. The evolved practice of the Ministry of Education becoming the regulator and sole authority for issuing licenses in the education sector(remember, party in the power holds the key which does not have any independent outlook), it has become a political tool for any party in the power to boast their prowess by declaring the SSLC results by the Education Minister himself. One is forced to wonder,why is the Minister required to declare results while the examination is conducted by Board of Secondary Education, which retains independency and accountability. The trend has become obviously churlish in the last couple of years with every Government started influencing the valuation settings by making it more and more liberal. This has led to quantum jumps in examination results of Kerala in the last decade. This year, the pass per centage  is 95.47 per cent which is the highest in the history. It means ‘it is difficult to fail in SSLC exams in Kerala’. Going by the political overtures, it is very difficult for any Government (as long as Education Minister declares the results, at least) to give attention to the merit and quality while evaluating the answer papers. Some may argue that the quality of the education has improved over the years and this is being reflected in the SSLC results. But one can evaluate these students performance in the higher education level and their standing in the job market years later. As of now, it is not so rosy as we expect based on the higher results in SSLC. Per centage of pass in higher education has not raised or reflected quid pro quo to SSLC. Since the limited number of seats in Higher education would have brought the cream out of the best in this scenario but it never happened. Interaction with the college teachers and management points to the situation that many students are not able to communicate effectively even after graduation level. Companies have opted out of Kerala market for recruitment by stating that majority of them is not suitable for their work place for lack of understanding of concepts and soft skills. Many of the professional education institutions are stressed out as a result of poor quality feed which in a sense contradicts the quality based at the SSLC level.

The decision of the state government to give weightage to the marks scored in the higher secondary examination in the entrance examinations for professional courses has changed the preferences of the parents again.With the increase in pass per centage and the higher marks given to those students passing the SSLC examination, most of the parents are bringing their kids back to Kerala syllabus.

In a way, this saves many Government and Aided schools from being closed down otherwise. This would havealso helped the uneconomic schools and protected teachers over all. Pressure is also on CBSE schools to be more liberal in their evaluation process. Government has also taken a position not to issue NoC to any more private schools.

The debate in this article is not whetherthe quality is better in CBSE or State schools but the choices and options given to the parents and kids. If there is a demand in the market, it reflects the state of affairs in the sector. If the investment is of the private parties, they would have done due diligence in this effect. It should not be the sole decision of the Government of the day to finalize the matters in the education sector in their favor. It distorts a competitive market which in effect would have improved the quality of the education in Kerala. The participatory nature of the institutions in Kerala has the in-built mechanisms to correct and set the level playing field if the system had flawed in the due course.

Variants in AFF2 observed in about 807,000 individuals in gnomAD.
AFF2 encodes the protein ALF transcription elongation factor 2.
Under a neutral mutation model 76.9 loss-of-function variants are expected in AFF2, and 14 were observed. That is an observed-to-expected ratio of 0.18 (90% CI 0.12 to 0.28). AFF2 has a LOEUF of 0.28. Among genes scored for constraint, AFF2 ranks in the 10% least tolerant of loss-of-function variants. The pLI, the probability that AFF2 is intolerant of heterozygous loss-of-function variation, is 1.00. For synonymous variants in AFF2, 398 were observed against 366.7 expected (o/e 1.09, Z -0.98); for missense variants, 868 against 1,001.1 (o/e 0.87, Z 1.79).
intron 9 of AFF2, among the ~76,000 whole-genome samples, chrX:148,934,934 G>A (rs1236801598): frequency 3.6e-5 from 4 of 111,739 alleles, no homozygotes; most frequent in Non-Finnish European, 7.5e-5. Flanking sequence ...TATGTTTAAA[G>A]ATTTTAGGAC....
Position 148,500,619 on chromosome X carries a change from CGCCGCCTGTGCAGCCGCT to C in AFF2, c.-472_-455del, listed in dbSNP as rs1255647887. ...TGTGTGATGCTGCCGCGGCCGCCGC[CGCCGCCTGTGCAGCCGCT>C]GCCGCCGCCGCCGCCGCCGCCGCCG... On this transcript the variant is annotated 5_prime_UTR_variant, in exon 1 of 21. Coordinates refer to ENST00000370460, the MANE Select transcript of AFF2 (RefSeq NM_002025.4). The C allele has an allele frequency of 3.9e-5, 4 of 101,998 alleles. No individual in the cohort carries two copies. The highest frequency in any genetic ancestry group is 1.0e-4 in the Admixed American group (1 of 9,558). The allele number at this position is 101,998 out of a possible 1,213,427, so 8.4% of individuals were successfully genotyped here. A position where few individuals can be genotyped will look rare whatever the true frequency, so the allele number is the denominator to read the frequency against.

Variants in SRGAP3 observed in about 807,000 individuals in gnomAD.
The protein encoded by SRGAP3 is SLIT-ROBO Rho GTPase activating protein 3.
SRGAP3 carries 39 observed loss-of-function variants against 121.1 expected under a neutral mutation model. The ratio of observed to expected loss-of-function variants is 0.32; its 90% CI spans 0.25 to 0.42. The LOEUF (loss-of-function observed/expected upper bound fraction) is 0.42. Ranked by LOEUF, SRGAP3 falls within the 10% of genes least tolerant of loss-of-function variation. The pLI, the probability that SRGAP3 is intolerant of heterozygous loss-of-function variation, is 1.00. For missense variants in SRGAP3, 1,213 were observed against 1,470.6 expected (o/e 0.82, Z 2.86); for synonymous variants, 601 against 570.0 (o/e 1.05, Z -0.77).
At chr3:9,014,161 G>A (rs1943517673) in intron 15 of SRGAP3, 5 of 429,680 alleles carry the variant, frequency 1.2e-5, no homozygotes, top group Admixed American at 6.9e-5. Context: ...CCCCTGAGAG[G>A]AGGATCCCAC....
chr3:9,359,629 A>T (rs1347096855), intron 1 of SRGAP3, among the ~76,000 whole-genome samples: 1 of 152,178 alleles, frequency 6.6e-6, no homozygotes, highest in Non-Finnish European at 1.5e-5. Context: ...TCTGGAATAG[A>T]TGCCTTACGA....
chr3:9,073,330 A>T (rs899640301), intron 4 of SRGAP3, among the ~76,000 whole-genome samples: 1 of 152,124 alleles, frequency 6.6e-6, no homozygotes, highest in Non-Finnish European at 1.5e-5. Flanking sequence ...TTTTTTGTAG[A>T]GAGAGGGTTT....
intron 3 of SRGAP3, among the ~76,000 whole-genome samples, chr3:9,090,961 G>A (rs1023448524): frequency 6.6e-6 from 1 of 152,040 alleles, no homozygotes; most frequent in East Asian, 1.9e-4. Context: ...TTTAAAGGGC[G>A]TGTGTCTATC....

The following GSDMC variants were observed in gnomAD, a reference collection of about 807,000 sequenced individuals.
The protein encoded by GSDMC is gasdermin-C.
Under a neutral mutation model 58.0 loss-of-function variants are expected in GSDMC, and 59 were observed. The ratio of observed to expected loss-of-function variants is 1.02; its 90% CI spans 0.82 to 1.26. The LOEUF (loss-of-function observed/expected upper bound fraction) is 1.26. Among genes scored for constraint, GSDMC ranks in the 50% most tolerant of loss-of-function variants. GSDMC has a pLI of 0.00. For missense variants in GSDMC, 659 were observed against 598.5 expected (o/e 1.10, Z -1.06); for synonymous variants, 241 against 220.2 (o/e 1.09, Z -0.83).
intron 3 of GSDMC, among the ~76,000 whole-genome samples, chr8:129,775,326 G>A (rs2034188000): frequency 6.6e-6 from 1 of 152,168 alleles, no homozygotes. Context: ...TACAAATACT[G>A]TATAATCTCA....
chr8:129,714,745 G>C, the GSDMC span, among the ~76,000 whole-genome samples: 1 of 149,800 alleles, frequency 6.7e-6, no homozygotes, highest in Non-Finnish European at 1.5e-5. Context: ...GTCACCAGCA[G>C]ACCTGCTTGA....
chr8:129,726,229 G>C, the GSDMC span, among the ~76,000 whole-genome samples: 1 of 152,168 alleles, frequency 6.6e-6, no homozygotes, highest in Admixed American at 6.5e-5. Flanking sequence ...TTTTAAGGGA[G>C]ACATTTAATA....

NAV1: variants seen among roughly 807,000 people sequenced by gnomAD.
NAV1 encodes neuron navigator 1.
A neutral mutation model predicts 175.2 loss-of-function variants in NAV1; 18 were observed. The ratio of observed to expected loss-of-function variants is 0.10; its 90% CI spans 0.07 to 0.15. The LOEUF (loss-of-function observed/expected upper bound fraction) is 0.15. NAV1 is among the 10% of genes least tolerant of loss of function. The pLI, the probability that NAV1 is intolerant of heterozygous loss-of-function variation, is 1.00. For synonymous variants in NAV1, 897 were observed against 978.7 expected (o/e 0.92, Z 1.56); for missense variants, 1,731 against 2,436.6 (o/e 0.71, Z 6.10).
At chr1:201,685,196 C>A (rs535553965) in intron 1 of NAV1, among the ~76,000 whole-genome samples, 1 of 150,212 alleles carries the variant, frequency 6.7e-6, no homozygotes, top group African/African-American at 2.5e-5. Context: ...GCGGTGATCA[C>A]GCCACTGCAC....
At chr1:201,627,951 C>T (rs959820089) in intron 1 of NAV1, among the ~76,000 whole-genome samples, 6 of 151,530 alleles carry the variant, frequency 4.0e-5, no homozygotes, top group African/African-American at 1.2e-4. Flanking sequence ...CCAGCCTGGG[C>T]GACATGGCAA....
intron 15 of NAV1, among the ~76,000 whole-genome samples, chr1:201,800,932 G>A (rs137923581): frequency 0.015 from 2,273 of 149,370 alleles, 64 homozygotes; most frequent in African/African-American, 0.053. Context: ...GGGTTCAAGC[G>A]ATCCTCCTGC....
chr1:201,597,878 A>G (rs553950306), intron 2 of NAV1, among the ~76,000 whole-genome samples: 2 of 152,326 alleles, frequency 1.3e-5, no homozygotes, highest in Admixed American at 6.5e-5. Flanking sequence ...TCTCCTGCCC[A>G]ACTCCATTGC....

What we require is ranking system for schools in a more efficient and transparent manner similar towhat Pratham does with AISER every year.With the high density of schools in Kerala, the market offers opportunities for the survey for ranking of schools. Though it may sound very difficult in the school education field unlike the ones among in higher education, surveys are very much possible in Kerala. Not only the pass per centages and enrollment, but the indicators like location, infrastructure includingthe condition of the school building, toilets, drinking water facility, play grounds, qualification of the teachers, pupil-teacher ratio etc could be incorporated in the survey for ranking of schools. In addition, number of students enrolled for higher education and their pass per centge etc could be tracked in the longer period. This information available in the open domain could be a more balanced approach to improve the quality of the school education and not by mere pass per centage.

Dr D Dhanuraj

Chairman, Centre for Public Policy Research

Article published in Pallikkutam May 2014 edition

Chairman at Centre for Public Policy Research | + posts

Dr Dhanuraj is the Chairman of CPPR. His core areas of expertise are in international relations, urbanisation, urban transport & infrastructure, education, health, livelihood, law, and election analysis. He can be contacted by email at [email protected] or on Twitter @dhanuraj.

D Dhanuraj
D Dhanuraj
Dr Dhanuraj is the Chairman of CPPR. His core areas of expertise are in international relations, urbanisation, urban transport & infrastructure, education, health, livelihood, law, and election analysis. He can be contacted by email at [email protected] or on Twitter @dhanuraj.